Candidate mechanisms likely to reduce spring macroinvertebrate abundance at higher temperatures include alterations in emergence phenology or energy flow. Directional climate change over the period 1981–2005 has altered detectably the emergence phenology of amphibians in adjacent ponds (Chadwick et al., 2006), and effects on stream macroinvertebrates are likely (Briers et al., 2004). For example, a 1.7°C rise in mean winter temperatures between ca. 3.1 and 4.8°C over 25 years at Llyn Brianne could increase the average specific growth-rate of overwintering Baetis rhodani, the most abundant insect in circumneutral streams, from 0.78% to 1.02% day−1 (Elliott et al., 1988). Critically, any nymphs already at 1 mm or larger by 1 October in the preceding year would then attain sufficient size (ca. 9 mm) to emerge as adults before 1 April. Effects on abundance would depend on complex interactions among these losses through emergence, as well as any thermal effects on the hatching, development, survival and detectability of the subsequent spring–summer cohort (Elliott et al., 1988). Thermally mediated energetic effects in streams are also complex, but include increased predation by fish as temperatures increase (Kishi et al., 2005), as well as increased loss rates of litter to decomposition (e.g. Lepori et al., 2005). Both can reduce macroinvertebrate numbers demonstrably. Experimental evidence from Llyn Brianne shows how shredder numbers depend on litter supplies (Dobson et al., 1995).
Variations with temperature in the macroinvertebrate composition of circumneutral streams mostly affected less common species that occurred under warm or cool extremes (Fig. 5). One exception was D. annulatus, a relatively abundant trichopteran that was also sensitive to elevated temperature in a German stream (Wagner, 2005). The occurrence of B. niger and H. instabilis at higher temperatures is consistent with their more typical downstream distribution in warmer waters and implies some potential for invasion from other basins (Hildrew & Edington, 1979; Masters et al., 2007). However, larger numbers of commoner ‘core’ species had wider temperature amplitudes, and persisted through interannual variations. This pattern might be expected in a relatively high-latitude location such as western Britain, where many species have larges latitudinal and thermal ranges than at lower latitudes (Addo-Bediako et al., 2000).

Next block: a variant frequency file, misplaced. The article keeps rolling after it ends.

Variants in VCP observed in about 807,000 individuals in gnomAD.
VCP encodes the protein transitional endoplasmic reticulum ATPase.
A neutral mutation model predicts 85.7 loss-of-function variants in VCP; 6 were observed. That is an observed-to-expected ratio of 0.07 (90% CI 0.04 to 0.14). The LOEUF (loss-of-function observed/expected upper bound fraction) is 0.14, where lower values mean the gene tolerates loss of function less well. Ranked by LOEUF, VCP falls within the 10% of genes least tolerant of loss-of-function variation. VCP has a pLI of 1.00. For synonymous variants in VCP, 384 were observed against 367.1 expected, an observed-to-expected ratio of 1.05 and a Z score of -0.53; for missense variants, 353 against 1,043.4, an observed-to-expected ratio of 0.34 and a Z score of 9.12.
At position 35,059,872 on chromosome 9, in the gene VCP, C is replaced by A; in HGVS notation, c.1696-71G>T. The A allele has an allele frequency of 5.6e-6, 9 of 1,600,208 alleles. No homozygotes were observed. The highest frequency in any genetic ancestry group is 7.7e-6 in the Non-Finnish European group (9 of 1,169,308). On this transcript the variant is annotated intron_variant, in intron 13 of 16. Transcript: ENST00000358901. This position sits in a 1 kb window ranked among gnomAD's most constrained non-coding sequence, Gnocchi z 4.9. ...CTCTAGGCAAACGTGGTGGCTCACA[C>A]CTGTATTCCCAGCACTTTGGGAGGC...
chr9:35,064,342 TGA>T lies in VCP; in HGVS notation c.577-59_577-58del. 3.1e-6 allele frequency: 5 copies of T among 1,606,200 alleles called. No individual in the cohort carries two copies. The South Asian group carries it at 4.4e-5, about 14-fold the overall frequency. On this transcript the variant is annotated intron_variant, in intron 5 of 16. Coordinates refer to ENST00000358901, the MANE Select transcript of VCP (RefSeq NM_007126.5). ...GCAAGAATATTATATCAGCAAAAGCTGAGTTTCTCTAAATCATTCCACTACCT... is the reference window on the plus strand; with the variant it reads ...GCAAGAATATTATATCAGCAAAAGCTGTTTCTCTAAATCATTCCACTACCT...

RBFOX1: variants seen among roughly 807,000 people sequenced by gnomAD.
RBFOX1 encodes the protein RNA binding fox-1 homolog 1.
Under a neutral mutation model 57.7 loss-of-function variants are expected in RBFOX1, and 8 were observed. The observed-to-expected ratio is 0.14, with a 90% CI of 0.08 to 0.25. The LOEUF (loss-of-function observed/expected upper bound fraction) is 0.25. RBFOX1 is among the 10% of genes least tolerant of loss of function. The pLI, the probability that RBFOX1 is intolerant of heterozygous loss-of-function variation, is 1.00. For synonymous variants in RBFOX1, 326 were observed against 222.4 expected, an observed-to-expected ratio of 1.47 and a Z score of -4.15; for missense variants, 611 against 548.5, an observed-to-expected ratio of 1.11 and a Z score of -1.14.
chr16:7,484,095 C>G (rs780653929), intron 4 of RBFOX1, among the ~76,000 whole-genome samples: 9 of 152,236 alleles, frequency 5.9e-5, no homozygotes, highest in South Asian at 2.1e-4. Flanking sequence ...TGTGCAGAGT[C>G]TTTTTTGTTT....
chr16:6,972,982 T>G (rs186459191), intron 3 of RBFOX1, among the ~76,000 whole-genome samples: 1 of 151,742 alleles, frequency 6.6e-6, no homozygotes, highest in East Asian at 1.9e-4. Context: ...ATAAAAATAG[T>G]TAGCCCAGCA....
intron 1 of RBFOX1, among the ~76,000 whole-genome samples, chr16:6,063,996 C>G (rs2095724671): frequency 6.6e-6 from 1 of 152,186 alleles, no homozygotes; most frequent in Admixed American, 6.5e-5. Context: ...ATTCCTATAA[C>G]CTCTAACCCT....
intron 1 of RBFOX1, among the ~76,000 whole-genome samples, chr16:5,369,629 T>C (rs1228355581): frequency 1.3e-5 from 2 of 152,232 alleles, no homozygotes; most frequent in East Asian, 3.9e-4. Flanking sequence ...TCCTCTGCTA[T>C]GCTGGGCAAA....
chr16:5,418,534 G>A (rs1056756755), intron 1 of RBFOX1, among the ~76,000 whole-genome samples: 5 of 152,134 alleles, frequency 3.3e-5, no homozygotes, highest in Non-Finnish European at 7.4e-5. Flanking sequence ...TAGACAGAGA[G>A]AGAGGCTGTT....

When projected under future climates, trends with temperature in the abundance and composition of macroinvertebrates at Llyn Brianne were substantial. While many core species would persist even if gains reached 3°C, a net loss of four to 10 taxa might occur through local extinction. This is equivalent to 10–25% of typical mean richness, or 5–12% of the species pool in circumneutral streams. Outcomes from such modelling exercises can be variable (e.g. Thuiller et al., 2005), but these values from Llyn Brianne are remarkably similar to the potential loss of 6–11% of 1200 plant species from a theoretical portfolio of European protected areas over the next 50 years (Araújo et al., 2004). Reduced richness in river macroinvertebrates at increasing temperature also follows trends detected elsewhere (Mouthon & Daufrense, 2006). Such losses would have major conservation significance, particularly if obligate cooler-water species were lost from their limited, higher altitude range (Daufresne et al., 2004). Reduced macroinvertebrate abundance in streams will also affect energy transfer to predators during critical periods of annual reproduction (e.g. Ormerod & Tyler, 1991), while potential functional consequences associated with energy processing are being assessed (I. Durance et al., unpublished data).
Overall, these data suggest that the ecological consequence of climate change for upland streams could be far reaching, with effects greatest in the most species-rich locations. Our strongest recommendations are, therefore, for (i) an increased commitment to the longer-term assessment of climate change effects on headwater organisms and the processes affecting them and (ii) increased research into measures for adaptation and mitigation with specific focus on stream ecosystems.